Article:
Campaign India Team
Jan 16, 2009

Piyush’s contribution to the WPP bottom-line

How important is it for an individual to become the face of an organization?How much can an organization gain from such a face? How much can it lose?Start with Satyam. If I were asked in KBC, for the 1 crore prize, to name two professionals from Satyam, I would have blown it. The only one that I could have named is Ramalinga Raju. (I could have named Vinod Dham as well, but that wouldn’t have counted).

Piyush’s contribution to the WPP bottom-line

How important is it for an individual to become the face of an organization?

How much can an organization gain from such a face? How much can it lose?

Start with Satyam. If I were asked in KBC, for the 1 crore prize, to name two professionals from Satyam, I would have blown it. The only one that I could have named is Ramalinga Raju. (I could have named Vinod Dham as well, but that wouldn’t have counted).

Raju was, undoubtedly, the face of the organization. To the average Indian with average media consumption  habits and average interest in the stock market, Raju, perhaps, would be the only face one would associate with Satyam.

So when Raju confessed to his Godzilla of a rip-off, all of Satyam got tainted.

Contrast this with O&M. R3’s Agency Image Study measures Piyush Pandey as the most mentioned creative in the business. If one links this with the rating that ‘creativity’ gets in the list of the qualities that clients look for when appointing an agency, the gain to O&M (and to Sir Martin Sorrell) from Piyush’s media profile cannot be anything but significant.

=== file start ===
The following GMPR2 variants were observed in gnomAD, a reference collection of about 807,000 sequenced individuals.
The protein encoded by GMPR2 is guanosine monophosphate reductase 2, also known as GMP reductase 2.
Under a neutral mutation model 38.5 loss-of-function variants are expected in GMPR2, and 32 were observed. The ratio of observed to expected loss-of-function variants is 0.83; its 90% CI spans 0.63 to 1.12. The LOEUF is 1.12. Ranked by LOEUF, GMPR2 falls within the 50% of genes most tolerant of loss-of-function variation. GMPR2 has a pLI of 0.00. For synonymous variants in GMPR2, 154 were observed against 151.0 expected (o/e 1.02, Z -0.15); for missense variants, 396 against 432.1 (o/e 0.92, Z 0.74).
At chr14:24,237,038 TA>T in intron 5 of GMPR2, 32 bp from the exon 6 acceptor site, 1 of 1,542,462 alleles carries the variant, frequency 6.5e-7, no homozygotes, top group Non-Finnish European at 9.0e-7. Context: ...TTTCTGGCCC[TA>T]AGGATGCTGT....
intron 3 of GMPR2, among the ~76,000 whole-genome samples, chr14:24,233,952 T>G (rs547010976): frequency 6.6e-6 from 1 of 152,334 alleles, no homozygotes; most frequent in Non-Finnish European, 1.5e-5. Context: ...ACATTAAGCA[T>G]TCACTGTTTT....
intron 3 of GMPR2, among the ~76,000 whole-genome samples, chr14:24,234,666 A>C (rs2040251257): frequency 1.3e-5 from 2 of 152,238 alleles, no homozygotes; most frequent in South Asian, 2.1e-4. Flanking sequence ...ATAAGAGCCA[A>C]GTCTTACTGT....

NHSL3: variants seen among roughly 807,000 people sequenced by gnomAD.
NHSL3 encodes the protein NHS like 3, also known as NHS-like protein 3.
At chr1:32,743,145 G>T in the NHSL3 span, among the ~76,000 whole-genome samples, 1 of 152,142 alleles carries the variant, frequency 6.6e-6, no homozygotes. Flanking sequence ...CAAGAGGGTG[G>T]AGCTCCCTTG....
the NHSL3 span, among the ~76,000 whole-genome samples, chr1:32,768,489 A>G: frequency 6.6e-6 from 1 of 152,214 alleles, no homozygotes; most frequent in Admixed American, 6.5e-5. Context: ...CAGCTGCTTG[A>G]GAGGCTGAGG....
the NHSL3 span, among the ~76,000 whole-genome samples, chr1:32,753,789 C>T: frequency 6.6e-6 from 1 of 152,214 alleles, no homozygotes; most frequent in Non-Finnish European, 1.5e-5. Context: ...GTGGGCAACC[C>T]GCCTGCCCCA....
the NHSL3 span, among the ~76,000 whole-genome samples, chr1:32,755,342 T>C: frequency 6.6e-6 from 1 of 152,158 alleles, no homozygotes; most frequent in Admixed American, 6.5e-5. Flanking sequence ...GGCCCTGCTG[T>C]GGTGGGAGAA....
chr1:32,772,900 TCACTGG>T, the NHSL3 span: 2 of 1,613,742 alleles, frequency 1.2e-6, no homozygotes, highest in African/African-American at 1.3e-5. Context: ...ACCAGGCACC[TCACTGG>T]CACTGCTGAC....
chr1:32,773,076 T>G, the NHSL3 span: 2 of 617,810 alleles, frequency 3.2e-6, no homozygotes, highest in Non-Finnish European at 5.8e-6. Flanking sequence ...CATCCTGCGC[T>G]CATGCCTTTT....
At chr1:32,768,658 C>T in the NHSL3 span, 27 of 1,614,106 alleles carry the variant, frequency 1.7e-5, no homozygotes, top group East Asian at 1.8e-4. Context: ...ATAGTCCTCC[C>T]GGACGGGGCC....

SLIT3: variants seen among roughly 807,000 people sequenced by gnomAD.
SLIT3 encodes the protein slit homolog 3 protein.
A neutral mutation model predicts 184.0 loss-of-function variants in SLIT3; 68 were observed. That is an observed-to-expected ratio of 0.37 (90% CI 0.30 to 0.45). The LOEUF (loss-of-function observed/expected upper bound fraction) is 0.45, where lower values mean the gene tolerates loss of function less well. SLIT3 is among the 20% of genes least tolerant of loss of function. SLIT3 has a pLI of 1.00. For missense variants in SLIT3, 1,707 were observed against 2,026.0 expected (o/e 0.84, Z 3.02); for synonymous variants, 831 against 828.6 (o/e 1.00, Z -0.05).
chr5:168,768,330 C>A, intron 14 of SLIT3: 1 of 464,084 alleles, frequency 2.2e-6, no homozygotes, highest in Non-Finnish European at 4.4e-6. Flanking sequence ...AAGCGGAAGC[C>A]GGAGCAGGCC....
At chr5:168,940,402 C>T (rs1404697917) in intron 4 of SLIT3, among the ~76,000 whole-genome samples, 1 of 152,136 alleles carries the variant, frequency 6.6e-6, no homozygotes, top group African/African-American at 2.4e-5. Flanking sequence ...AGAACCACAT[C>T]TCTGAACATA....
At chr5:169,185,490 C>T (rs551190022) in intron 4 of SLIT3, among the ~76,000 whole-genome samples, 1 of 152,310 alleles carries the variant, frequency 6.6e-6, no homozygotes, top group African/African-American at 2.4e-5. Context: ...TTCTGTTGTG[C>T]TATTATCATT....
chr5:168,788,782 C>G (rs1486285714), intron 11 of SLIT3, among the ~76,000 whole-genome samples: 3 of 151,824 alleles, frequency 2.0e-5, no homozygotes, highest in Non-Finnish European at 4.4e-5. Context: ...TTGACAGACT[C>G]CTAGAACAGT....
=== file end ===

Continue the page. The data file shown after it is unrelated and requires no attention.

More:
On the other hand, when it comes to the selection of a media agency, it is negotiating and buying skills that are most sought after; ‘people-service’ is near the bottom of the list. A high-profile head of a media agency would, therefore, not help the growth of the agency as much as a high-profile head of a creative one.

Learning from Satyam, it is clear that having more ‘faces’ would have been of great benefit to Satyam when the crisis broke. There would have been people that the media recognized beyond the Raju brothers; people who could have quickly become ‘trusted’ faces.

It is this factor that is pertinent. While Piyush Pandey (and, indeed, Sam Balsara, who is the most mentioned media ‘name’) is very visible, he ensures, and has done so for years now, that others from the agency get their seconds and minutes of fame as well. This  projects the agency has having width and depth of talent and, in a study such as the one done by R3, the agency scores high.

There are a number of agencies that focus their PR efforts on a single individual. In the event of this particular individual leaving, the perception is that the agency is now devoid of talent. The same is true of media houses; exits of high-profile professionals make the organization immediately seem less professional.

No creative or media agency (and I underline the word ‘no’) has a structured PR strategy worth mentioning. Who are the individuals who will be the faces of the organization? Who is authorized to speak on what? Who are those who should be writing columns in newspapers and magazines? Who should be groomed to speak at trade conferences and seminars?

It is a concerted and well thought through effort that will, in time, project the organization as one that is not dependent on a single individual, as one that has a richness of talent and resource, as one that can handle the account that a client is responsible for.

There are many instances of professionals suggesting that being present in the media often is akin to glory-hunting; and, therefore, is something to be looked down upon.

It is, indeed, glory-hunting.

But it is hunting for glory for the organization that you work for, for the brands that you work on, for the colleagues around you.

So each time Piyush’s photograph pops out of the newspaper, or you come across his quote in an article or you see him in a promo for a news TV show, he’s helping O&M – and not himself.

The person who gains the most is Sir Martin Sorrell, probably delighted each time he reads his managers’ names in media reports.
 

Source:
Campaign India

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